Managing Time in Relational Databases: How to Design, Update and Query Temporal Data introduces basic concepts that will enable businesses to develop their own framework for managing temporal data. It discusses the management of uni-temporal and bi-temporal data in relational databases, so that they can be seamlessly accessed together with current data; the encapsulation of temporal data structures and processes; ways to implement temporal data management as an enterprise solution; and the internalization of pipeline datasets.
The book is organized into three parts. Part 1 traces the history of temporal data management and presents a taxonomy of bi-temporal data management methods. Part 2 provides an introduction to Asserted Versioning, covering the origins of Asserted Versioning; core concepts of Asserted Versioning; the schema common to all asserted version tables, as well as the various diagrams and notations used in the rest of the book; and how the basic scenario works when the target of that activity is an asserted version table. Part 3 deals with designing, maintaining, and querying asserted version databases. It discusses the design of Asserted Versioning databases; temporal transactions; deferred assertions and other pipeline datasets; Allen relationships; and optimizing Asserted Versioning databases.
- Integrates an enterprise-wide viewpoint with a strong conceptual model of temporal data management allowing for realistic implementation of database application development.
- Provides a true practical guide to the different possible methods of time-oriented databases with techniques of using existing funtionality to solve real world problems within an enterprise data architecture environment.
- Written by IT professionals for IT professionals, this book employs a heavily example-driven approach which reinforces learning by showing the results of puting the techniques discussed into practice.
Part 1. An Introduction to Temporal Data Management Chapter 1. A Brief History of Temporal Data Management Chapter 2. A Taxonomy of Bi-Temporal Data Management Methods Part 2. An Introduction to Asserted Versioning Chapter 3. The Origins of Asserted Versioning: Computer Science Research Chapter 4. The Origins of Asserted Versioning: IT Best Practices Chapter 5. The Core Concepts of Asserted Versioning Chapter 6. Diagrams and Other Notations Chapter 7. The Basic Scenario Part 3. Designing, Maintaining and Querying Asserted Version Databases Chapter 8. Designing and Generating Asserted Versioning Databases Chapter 9. An Introduction to Temporal Transactions Chapter 10.Temporal Transactions on Single Tables Chapter 11. Temporal Transactions on Multiple Tables Chapter 12. Deferred Assertions and Other Pipeline Datasets Chapter 13. Re-Presenting Internalized Pipeline Datasets Chapter 14. Allen Relationship and Other Queries Chapter 15. Optimizing Asserted Versioning Databases Chapter 16. Conclusion Appendix: Bibliographical Essay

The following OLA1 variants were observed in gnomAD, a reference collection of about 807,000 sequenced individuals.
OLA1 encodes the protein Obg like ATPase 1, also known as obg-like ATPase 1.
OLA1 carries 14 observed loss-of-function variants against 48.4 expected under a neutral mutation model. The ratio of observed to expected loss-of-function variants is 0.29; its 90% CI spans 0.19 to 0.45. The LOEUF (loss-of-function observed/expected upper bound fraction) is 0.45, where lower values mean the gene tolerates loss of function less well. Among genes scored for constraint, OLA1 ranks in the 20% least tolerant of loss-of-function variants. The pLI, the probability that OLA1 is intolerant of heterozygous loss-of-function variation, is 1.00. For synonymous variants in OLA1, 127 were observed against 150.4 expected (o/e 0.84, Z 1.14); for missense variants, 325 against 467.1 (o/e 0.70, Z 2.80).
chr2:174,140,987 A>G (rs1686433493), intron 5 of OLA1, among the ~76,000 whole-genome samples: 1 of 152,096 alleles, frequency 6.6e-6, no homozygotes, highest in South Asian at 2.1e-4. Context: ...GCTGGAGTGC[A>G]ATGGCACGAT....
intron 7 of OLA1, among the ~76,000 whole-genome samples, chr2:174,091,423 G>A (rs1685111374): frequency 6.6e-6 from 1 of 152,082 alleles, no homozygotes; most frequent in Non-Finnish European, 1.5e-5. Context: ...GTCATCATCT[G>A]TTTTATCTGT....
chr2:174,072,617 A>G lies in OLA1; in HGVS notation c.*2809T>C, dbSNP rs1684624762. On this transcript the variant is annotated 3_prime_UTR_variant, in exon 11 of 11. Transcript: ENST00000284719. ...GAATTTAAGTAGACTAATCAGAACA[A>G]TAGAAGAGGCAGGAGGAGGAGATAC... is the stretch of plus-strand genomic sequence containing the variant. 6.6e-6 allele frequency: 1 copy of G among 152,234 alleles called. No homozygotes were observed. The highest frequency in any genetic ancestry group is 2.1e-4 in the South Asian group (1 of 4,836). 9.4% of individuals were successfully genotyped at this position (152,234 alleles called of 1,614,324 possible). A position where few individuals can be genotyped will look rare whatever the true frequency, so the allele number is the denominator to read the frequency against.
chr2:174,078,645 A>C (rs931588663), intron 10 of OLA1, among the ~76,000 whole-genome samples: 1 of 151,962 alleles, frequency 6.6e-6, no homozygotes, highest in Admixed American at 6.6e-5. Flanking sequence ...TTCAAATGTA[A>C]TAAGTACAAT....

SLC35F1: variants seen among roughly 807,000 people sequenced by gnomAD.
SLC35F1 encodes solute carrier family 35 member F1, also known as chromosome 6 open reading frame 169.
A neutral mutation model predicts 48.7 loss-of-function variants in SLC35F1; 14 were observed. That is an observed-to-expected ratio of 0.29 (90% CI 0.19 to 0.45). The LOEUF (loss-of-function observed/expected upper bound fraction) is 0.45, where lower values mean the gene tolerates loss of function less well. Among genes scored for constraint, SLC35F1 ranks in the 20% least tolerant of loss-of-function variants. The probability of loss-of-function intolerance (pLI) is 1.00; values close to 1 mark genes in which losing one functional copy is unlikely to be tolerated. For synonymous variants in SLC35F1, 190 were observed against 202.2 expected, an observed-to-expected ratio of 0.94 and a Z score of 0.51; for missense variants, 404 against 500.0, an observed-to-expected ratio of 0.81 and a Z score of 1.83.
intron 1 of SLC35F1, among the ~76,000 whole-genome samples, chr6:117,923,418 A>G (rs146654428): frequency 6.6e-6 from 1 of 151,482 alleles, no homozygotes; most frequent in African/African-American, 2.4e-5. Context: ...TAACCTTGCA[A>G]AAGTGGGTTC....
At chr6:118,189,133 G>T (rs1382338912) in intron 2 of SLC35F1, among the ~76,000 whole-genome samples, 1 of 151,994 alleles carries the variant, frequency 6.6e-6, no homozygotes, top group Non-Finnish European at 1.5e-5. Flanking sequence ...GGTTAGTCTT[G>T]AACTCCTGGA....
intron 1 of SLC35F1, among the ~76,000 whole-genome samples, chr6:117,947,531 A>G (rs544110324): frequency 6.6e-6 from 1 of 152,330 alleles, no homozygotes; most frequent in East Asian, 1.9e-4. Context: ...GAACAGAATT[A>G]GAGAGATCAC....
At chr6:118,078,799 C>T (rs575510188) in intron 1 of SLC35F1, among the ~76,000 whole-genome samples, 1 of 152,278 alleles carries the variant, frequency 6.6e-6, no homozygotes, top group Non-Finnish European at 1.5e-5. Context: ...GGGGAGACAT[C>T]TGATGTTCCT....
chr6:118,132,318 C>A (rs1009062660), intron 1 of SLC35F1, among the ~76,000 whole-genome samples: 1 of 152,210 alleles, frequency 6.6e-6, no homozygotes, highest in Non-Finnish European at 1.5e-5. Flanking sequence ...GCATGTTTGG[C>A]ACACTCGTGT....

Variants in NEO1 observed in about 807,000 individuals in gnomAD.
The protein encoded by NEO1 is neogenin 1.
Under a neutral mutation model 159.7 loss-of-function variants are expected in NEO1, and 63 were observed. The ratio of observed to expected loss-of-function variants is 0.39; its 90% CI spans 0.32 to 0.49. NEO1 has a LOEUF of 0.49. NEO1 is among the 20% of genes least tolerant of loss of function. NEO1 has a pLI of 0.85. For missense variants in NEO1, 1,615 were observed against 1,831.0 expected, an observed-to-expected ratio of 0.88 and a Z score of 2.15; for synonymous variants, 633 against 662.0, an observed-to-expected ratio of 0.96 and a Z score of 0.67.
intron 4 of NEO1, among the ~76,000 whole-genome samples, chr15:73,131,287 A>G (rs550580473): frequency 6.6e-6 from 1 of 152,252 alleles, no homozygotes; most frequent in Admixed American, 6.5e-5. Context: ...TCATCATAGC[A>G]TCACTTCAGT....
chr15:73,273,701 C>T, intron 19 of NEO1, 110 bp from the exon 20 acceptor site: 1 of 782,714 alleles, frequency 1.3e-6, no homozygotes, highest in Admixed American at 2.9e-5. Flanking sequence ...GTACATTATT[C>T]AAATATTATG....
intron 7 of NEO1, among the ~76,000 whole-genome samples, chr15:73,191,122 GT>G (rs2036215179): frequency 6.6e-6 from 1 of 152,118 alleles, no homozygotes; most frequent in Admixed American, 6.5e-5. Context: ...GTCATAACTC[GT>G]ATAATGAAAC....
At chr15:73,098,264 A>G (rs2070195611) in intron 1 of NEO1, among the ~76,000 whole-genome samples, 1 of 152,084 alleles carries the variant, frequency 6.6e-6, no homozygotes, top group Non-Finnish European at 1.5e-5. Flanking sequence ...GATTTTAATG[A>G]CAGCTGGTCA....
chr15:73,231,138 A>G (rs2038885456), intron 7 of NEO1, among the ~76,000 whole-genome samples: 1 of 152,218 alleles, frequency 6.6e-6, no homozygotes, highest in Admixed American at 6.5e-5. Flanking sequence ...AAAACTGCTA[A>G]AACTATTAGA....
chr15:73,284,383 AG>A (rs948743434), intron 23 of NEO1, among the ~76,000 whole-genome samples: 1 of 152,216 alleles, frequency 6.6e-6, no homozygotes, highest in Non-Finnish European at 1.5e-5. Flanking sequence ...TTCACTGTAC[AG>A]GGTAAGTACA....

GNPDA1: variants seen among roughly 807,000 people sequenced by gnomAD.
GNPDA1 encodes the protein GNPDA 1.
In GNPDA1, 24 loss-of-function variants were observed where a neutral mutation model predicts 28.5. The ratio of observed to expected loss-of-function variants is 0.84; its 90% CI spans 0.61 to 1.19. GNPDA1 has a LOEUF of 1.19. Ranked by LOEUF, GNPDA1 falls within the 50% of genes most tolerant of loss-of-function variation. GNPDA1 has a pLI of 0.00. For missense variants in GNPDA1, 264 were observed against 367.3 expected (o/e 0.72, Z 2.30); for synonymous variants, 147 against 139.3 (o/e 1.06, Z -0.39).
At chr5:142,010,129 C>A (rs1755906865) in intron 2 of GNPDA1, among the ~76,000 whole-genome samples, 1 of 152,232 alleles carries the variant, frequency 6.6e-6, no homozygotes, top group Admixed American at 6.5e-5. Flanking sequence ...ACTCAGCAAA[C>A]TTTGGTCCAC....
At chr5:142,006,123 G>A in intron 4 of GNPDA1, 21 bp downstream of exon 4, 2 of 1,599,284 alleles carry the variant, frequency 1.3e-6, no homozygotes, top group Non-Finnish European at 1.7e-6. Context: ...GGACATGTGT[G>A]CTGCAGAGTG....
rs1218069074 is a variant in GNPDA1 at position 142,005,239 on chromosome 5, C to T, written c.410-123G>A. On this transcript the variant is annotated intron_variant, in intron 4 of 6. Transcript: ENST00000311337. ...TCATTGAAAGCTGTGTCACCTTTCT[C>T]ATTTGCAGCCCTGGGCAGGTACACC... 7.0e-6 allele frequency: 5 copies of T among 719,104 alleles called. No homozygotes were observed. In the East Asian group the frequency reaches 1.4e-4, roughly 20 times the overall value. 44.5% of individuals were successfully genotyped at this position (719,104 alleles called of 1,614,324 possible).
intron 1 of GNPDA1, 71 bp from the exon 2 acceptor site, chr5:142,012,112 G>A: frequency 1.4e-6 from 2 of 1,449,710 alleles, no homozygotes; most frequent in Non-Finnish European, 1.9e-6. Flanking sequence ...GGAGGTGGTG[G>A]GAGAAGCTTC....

Dr. Tom Johnston is the Chief Scientist at Asserted Versioning, LLC, which has developed a middleware product which supports the standard theory of bitemporal data, and which also implements the Asserted Versioning extensions to that standard theory. He is the co-author of Managing Time in Relational Databases (Morgan-Kaufmann, 2010). He lives in Atlanta, Georgia.
Randall Weis, founder and CEO of InBase, Inc, has more than 25 years of experience in IT and IT management, specializing in enterprise data architecture. Weis' technical expertise is in sophisticated, multi-tiered systems. He has designed logical and physical data models and implemented several high profile, very large database (VLDB) systems in the financial and insurance industries. These systems have had very stringent performance and real-time history requirements. His software development company, InBase, Inc., has developed software and Web sites used by some of the nations largest companies. Weis has been a presenter at various user groups, including Guide, Share, Midwest Database Users Group and Camp IT Expo. His technique for modeling history, retro activity and future dating has been reviewed and approved for the physical implementation of IBM's Insurance Application Architecture (IAA).